It was nearing the end of the workday when ol’ Terry Kowallis came through the doors.
“I got a hall pass for tonight, can you sneak out to fish?” Terry asked me, as he started picking out poppers from the tray.
“I think I can arrange something.” I said, knowing I had nothing planned for the evening. Terry has access to a private bass pond out in Star, ID, so I was going to do whatever it took to go.
“I’ll swing by your place and pick you up on the way out.” Terry said, as the clock struck 6pm: closing time.
It was a miracle. It’s always when you are excited to get somewhere when everyone seems to be in your way, or you hit every red light… but not today. Green, Green, Green all the way home, and there was hardly any traffic at all. I made it home in record time, and had all of my gear out when Terry came to pick me up.
“Heck, we are just going to a little bass pond. What do you need all this stuff for?” Terry asked, after I had loaded all my gear into his truck.
“You never know, Terry!” I said. With the pond being in Star, which is only about 20 minutes from my house, we were there in no time at all.
Terry got the boat ready as I put together my fly rod.
“Go cast off the dock while I rig up my rod.” Terry suggested, and he didn’t have to say it twice. By the time he had his rod rigged with a popper, I had hooked into three bass and was waiting for him to back up the drift boat.
I got behind the sticks first while Terry slammed his popper near the tall reeds. The water was as still as glass, until Terry jerked his popper to life.
WHAM! The bass came out of the water to kill his popper, and Terry set the hook fast.
“That was my third cast. If a fish hadn’t hit that one, I would have thought there was nothing in this pond.” Terry said, bringing in his fish.
A quick release, and Terry was back at it. Just as suspected, his popper was hit again, this time with such voracity, that if you didn’t expect it, it would scare you half to death.
It was finally my turn, and I didn’t waste any time getting my fly where it needed to be. I was armed with my 7wt. so my fly hit hard when it landed. Slap! Slap! Slap, it hit, but nothing was eating my fly.
“You must have caught them all, Terry.” I said, still fishing like mad.
“Try over there,” Terri pointed, “I know there are is some structure underwater that is always good for a bass.”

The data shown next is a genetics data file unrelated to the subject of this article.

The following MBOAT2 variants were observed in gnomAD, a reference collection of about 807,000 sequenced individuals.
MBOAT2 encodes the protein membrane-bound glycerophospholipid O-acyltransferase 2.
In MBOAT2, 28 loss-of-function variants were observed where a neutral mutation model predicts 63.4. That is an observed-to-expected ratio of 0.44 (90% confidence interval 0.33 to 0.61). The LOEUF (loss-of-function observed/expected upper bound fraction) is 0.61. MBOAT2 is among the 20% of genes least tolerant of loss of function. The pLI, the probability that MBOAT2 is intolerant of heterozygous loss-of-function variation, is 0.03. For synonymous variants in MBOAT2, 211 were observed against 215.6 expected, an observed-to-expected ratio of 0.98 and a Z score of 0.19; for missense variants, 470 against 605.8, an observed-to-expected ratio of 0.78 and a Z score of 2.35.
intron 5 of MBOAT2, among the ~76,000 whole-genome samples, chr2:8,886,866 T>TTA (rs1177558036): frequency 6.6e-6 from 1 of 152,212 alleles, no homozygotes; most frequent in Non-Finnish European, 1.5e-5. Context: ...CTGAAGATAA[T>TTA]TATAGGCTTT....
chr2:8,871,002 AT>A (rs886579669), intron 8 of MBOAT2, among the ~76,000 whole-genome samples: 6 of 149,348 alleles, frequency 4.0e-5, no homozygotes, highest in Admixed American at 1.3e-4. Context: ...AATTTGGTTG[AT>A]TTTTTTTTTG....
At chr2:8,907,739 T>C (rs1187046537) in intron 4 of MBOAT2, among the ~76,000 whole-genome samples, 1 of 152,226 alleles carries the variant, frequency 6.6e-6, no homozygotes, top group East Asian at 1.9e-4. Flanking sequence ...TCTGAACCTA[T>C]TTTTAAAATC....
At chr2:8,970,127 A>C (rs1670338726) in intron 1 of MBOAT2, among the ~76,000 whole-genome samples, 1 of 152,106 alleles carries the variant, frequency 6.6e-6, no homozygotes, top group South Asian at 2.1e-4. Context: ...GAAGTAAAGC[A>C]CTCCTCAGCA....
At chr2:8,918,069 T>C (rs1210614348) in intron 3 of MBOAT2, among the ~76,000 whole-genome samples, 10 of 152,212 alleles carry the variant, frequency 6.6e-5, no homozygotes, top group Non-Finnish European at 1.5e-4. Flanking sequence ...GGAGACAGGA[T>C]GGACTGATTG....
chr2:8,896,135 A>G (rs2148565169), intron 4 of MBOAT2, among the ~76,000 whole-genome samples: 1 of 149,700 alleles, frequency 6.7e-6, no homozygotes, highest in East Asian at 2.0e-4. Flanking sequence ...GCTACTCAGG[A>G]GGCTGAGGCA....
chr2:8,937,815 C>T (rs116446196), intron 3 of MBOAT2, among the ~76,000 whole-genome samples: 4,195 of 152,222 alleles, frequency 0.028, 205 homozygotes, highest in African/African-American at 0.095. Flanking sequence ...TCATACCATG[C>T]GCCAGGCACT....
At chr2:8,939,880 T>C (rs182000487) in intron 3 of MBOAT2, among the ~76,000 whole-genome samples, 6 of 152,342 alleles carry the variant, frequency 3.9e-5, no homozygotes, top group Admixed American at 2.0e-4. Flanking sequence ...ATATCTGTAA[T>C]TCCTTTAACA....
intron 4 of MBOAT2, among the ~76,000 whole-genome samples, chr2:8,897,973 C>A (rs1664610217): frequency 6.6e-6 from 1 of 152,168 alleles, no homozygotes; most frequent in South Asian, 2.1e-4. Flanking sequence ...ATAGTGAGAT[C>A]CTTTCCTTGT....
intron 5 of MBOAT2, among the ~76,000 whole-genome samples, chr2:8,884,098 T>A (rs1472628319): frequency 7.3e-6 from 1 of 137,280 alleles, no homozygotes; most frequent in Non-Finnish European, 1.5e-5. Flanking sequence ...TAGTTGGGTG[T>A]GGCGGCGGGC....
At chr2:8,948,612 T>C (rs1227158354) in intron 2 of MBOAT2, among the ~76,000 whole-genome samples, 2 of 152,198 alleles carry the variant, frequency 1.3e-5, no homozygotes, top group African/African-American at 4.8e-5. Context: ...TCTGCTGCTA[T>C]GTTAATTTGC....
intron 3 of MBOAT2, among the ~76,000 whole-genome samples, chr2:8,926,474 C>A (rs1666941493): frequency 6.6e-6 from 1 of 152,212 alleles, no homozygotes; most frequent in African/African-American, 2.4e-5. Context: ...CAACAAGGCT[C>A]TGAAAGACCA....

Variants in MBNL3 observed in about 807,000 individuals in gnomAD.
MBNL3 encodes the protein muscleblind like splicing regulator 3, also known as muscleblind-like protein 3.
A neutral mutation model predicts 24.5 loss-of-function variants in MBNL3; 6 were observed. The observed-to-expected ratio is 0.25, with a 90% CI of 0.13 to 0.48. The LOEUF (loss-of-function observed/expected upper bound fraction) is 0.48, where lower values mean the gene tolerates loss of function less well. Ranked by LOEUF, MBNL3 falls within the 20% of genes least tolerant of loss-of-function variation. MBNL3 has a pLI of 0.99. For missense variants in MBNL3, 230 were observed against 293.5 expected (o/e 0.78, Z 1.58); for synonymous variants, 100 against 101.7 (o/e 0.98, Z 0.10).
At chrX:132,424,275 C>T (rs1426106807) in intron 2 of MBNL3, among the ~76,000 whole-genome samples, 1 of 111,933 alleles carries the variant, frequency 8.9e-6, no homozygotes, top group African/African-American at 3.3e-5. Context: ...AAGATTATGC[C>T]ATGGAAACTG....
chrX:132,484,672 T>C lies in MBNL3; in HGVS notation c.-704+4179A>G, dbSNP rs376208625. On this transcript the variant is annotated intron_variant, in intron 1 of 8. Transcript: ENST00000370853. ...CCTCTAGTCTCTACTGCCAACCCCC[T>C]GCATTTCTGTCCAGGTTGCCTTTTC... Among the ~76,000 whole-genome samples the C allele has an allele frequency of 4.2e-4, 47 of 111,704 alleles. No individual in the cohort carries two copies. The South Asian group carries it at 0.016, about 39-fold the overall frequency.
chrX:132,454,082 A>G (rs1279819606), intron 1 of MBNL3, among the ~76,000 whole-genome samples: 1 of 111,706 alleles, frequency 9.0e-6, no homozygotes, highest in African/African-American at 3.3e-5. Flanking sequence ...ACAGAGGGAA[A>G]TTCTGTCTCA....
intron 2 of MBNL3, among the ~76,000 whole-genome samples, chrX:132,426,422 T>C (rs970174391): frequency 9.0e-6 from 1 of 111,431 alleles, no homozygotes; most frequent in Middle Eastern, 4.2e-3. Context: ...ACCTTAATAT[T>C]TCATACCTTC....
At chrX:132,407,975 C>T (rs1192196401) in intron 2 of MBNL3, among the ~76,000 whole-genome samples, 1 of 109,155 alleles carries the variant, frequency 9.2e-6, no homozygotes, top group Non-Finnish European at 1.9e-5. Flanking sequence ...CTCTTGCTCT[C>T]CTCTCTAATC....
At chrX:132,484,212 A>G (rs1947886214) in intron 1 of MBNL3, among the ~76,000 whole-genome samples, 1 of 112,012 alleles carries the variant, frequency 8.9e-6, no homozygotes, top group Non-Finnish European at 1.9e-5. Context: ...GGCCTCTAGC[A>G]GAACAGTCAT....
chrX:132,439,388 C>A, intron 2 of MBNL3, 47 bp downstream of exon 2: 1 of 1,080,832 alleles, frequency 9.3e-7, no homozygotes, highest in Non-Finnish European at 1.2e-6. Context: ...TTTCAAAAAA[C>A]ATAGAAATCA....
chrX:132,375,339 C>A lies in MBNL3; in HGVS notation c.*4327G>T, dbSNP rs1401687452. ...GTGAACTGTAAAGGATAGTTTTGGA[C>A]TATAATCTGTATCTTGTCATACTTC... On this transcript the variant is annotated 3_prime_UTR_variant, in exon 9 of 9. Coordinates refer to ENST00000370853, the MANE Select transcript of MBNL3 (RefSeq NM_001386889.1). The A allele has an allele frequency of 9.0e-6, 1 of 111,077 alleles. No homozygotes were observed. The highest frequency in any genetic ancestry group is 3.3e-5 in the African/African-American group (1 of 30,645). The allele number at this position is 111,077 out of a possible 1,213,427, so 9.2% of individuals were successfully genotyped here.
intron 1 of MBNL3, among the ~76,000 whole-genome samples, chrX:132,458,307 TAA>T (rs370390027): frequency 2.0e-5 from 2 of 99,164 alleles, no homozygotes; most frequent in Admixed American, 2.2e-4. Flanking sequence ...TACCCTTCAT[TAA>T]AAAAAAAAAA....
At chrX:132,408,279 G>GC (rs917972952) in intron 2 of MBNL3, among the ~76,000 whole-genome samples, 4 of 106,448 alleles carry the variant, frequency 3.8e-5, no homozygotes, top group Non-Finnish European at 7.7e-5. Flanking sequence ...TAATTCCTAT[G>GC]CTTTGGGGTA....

I was long overdue for a bass,especially at a private pond, and nothing took where Terry had suggested. I flicked out my popper, and it landed a bit off target. Shoot, I thought, and lifted my rod to pick up my popper when a fish took right at that same moment.
“Hell, you couldn’t have timed that one better.” Terry said, as I brought in my fish.
It was non stop catching after that. Fish after fish we nailed, and all on a popper. It was Terry’s turn, and he hooked into a fish right off the bat. It was a large pumpkinseed fish that was easily the size of his head.
It was great catching bass after bass, but I really wanted a large bluegill or pumpkinseed. I casted to all the little pockets of water in search of one, but only bass hit. The sun was starting to set, which made the water look like ripples of silvery mercury when a fish hit my fly.
It was definitely starting to get dark, but the bass fishing was only getting better.
I slammed my fly down, and gave it some hard pops back when a fish ate it. I set the hook, pulling my fly right out of the fish’s mouth. I quickly got it back out to where I had yanked it away, and the fish was still there. It hit my fly again, and I yanked it away, again without hooking the fish.
I quickly plopped my fly out for a third time, to the same fish, hoping it would still be there.
“It already gave you two chances; it probably figured that was enough.” Terry said, as my fly hit the water. SLAM! The fish hit!
“He isn’t getting away this time, Terry!” I yelled, as I brought in my fish.
“I think we need to be off the pond by sundown.” Terry said, as it got darker yet.
“How can you have a private bass pond, and not expect people to say late when that’s the best?” I asked.
“Well, you are up, because I can’t see anymore.” Terry said, reeling in his line.
I didn’t waste any time switching him spots again. It was getting hard to see, but there was just enough moonlight for me to make out the bank. Terry was rowing to the dock to end the night, as I pitched out my popper into the darkness. Things had slowed down, which isn’t saying much. I still caught plenty of fish along the way, but after I dropped Terry off so he could get his truck, I oared myself out one last time.
Give me one last fish, I thought as I casted my popper again and again. The white reverse lights shined in my eyes as Terry backed up the railer. It was time to go, so I had myself one last cast. I was reeling in my line with every pop, and heard a splashy take. BOOM, a fish was on!
“Is it a big bluegill?” Terry asked from the shore.
“No, it’s a bass, but I’m not complaining.” I said back, lipping my bass and taking out the popper. I secured my fly rod in the boat and oared back to Terry, who hooked it up to the trailer to take it out.
“Well thank you for coming along, that was fun.” Terry said, as we got back into his truck.
“How many fish do you think we caught?” I asked.
Terry thought about it for a sec’,“It would have to be 65-70 at least.”
“65-70?” I asked, amazed.
“Math was never my strongest subject.” Terry said.
“Mine either, 70 it is!” I said with a laugh, as we headed home to end the night on a sobering white lie.